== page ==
(The opinions expressed in this article are those of the author and do not necessarily reflect those of Al-Fanar Media).
Leaders of colleges and universities around the world have all been seized by the same question regarding the future of higher education. Conversations have explored various nuances, from warning of the impending doom of existing models of higher-education institutions to extremes in the virtual education continuum and the rise of technologies and adapted pedagogies. However, there is unanimous agreement that change is inevitable in the world after the disruptions caused by Covid-19.
When we take a moment to pause and look back, it is incredible that we have had 10 weeks of delivering our academic offerings online. . At Hamad Bin Khalifa University, as at many institutions around the world, this shift was made literally overnight. Our students, grappling with new realities and their own personal struggles, completed their academic year; about 130 students completed and defended their theses. Faculty and support staff, rapidly adjusting to the concept of remote operations, ensured the delivery of more than 120 courses virtually. We did what we had to under extraordinary circumstances and within significant time constraints.
However, these solutions are mere Band-Aids to the greater reconceptualization of the future of higher education. They served their urgent purpose but now our pedagogies need the attention of the surgical room. Like many contemporary solutions, our education system needs to be reimagined in a sequential phased manner. We are still operating within an emergency protocol, but this period of distance learning has been the ideal motivation to strive for what we had shelved earlier. It is time to be bold, creative, and challenging. We have an entire educational delivery system to reinvent for the Fall term where we realistically may still have to practice online or in a blended format; and then reimagine it again for a post-Covid-19 world when our campuses will be reactivated.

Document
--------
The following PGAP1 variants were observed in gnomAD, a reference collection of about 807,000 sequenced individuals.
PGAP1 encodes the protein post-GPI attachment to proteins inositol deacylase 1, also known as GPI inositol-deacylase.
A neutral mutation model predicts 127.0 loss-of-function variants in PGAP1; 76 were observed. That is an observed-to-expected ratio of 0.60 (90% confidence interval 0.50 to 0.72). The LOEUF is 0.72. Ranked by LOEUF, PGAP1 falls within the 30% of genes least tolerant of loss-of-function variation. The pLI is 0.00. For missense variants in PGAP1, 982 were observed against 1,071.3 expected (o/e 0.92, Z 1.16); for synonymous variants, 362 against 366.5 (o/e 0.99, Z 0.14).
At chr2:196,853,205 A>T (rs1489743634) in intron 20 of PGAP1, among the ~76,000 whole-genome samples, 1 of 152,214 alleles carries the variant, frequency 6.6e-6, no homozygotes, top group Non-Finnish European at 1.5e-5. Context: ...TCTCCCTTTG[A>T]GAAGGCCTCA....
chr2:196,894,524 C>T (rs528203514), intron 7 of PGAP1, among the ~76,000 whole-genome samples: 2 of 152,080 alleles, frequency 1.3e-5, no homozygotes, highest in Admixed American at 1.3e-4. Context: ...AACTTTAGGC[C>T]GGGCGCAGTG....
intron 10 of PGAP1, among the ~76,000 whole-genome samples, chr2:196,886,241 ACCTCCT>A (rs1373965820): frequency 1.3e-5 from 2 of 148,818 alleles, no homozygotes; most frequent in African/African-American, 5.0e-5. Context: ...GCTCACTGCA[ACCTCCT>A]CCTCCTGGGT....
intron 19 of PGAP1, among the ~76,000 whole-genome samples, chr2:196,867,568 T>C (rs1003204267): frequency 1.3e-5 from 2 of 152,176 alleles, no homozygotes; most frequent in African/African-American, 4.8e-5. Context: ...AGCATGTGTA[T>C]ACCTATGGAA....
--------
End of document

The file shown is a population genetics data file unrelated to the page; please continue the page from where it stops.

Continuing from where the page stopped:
These last few weeks have highlighted significant advantages to virtual teaching. As primarily a graduate university, a significant proportion of Hamad Bin Khalifa University’s students come with existing careers, businesses, family commitments, and other demands on their time. The element of flexibility in virtual learning can greatly enhance their quality of life. Recorded class sessions will support various learning styles that thrive on self-paced education. Chat rooms and breakout rooms without a physical presence can encourage more reticent personalities to be more actively involved. The list goes on.
Yet, because of this instant transition to the virtual world, we have also realized two key factors that we must take care not to undermine when reconceptualizing our future at Hamad Bin Khalifa University: the power of the human connection and the pride we take in our local heritage. These key factors tie us to our campuses and encourage us to re-evaluate how our physical premises can be enhanced to support a dynamic and hybrid learning system in the post-pandemic world